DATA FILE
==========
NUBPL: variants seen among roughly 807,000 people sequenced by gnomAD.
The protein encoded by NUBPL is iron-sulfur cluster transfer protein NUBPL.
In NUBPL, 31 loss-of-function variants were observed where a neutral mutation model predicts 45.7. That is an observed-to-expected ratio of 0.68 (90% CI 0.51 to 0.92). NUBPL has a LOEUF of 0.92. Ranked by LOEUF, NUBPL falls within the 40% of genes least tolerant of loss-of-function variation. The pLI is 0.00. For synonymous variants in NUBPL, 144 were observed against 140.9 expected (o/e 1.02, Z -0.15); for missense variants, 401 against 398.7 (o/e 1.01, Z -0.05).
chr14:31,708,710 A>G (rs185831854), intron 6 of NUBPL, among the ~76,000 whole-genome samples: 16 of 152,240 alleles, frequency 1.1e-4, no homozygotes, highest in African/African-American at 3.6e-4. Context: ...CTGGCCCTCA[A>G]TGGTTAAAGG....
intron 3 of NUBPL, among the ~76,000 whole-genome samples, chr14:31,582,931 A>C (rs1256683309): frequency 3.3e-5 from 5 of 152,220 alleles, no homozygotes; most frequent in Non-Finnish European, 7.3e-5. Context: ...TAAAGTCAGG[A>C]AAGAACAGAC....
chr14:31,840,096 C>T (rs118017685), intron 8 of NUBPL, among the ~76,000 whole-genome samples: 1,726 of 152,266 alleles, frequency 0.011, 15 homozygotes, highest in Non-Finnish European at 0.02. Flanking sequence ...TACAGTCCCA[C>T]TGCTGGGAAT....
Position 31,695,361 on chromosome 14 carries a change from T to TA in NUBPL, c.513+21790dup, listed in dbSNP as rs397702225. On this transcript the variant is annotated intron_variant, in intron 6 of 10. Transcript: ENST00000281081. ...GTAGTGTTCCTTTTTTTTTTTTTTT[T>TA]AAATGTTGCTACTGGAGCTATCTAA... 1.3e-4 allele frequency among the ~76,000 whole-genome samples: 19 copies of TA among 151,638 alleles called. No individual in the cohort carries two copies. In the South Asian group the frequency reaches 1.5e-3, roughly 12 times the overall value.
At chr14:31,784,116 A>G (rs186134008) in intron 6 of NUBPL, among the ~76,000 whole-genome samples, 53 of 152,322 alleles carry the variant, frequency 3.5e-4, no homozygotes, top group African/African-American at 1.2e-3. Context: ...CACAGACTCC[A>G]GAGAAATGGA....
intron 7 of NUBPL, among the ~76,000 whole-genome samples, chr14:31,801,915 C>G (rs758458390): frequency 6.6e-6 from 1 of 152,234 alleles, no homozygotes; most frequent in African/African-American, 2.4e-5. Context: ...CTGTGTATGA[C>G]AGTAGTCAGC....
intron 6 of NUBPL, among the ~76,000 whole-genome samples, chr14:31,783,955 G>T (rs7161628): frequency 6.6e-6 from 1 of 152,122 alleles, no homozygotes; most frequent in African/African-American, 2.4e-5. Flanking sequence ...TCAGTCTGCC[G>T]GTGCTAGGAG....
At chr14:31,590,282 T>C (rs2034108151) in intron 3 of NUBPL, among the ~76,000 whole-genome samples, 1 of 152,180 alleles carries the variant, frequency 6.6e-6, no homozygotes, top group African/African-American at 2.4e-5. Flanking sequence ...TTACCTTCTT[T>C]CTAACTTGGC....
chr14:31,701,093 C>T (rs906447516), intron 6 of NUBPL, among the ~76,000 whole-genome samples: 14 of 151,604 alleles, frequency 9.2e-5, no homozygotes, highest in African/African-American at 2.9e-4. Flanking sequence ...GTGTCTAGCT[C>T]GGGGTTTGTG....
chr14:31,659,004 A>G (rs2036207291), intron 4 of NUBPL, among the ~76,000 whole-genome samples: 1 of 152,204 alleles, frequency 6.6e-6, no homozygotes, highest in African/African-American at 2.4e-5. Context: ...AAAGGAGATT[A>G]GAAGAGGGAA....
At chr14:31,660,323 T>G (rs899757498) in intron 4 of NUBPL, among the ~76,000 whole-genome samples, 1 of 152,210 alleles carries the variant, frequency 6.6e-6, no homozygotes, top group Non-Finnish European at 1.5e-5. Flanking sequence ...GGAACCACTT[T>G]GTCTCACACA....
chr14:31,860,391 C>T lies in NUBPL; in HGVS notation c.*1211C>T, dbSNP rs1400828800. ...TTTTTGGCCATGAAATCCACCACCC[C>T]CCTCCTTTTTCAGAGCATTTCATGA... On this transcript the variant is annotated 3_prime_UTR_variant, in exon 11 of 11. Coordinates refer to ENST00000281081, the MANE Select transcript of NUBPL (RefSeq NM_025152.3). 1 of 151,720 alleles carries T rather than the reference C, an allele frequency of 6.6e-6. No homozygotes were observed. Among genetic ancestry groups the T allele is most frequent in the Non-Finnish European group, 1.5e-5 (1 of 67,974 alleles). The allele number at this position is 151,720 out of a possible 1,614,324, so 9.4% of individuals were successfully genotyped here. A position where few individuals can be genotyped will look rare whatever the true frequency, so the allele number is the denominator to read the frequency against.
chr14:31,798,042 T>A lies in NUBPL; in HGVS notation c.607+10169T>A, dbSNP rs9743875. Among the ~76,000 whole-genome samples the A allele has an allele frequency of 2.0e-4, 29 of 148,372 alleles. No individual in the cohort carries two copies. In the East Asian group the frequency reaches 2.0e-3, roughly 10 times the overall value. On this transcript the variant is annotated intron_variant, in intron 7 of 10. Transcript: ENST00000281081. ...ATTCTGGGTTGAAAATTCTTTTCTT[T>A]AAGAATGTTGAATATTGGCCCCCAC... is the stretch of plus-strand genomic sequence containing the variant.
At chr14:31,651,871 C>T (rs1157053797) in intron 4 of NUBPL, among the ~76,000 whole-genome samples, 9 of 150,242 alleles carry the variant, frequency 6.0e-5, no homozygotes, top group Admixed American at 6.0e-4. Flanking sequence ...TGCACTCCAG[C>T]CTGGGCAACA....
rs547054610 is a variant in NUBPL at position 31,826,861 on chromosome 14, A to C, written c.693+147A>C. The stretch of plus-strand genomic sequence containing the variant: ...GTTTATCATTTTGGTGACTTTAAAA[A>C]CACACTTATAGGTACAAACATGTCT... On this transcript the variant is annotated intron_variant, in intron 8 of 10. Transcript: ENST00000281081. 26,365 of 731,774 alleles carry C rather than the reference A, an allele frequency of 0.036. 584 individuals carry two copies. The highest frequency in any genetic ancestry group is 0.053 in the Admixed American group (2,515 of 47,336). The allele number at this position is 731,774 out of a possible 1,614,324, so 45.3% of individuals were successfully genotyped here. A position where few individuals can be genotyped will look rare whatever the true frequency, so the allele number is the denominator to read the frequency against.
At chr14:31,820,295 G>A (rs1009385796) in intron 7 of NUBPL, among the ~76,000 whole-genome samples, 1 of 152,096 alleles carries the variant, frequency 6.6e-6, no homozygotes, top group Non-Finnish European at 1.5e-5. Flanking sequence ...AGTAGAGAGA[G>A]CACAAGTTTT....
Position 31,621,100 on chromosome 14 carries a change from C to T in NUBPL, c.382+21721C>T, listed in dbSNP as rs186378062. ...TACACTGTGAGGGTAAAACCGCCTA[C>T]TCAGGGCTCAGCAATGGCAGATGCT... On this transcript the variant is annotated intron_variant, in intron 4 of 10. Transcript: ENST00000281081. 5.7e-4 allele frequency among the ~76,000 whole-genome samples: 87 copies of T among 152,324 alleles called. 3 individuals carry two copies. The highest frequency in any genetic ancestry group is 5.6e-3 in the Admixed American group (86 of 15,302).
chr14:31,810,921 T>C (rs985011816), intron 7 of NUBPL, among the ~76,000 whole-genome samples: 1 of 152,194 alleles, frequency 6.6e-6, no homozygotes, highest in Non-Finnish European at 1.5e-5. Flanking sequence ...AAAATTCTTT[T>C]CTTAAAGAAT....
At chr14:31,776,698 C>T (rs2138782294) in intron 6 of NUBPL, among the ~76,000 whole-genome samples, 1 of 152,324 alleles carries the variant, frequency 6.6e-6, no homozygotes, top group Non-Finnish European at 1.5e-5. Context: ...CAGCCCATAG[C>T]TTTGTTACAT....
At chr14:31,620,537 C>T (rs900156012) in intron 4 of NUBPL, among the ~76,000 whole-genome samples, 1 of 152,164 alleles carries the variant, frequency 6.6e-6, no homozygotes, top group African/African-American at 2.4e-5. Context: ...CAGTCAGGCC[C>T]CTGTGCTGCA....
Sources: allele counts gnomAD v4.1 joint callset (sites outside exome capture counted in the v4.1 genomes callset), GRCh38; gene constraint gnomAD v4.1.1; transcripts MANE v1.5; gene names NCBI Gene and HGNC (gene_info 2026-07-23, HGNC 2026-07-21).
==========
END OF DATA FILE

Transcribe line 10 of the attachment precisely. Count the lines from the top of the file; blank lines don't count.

intron 6 of NUBPL, among the ~76,000 whole-genome samples, chr14:31,783,955 G>T (rs7161628): frequency 6.6e-6 from 1 of 152,122 alleles, no homozygotes; most frequent in African/African-American, 2.4e-5. Flanking sequence ...TCAGTCTGCC[G>T]GTGCTAGGAG....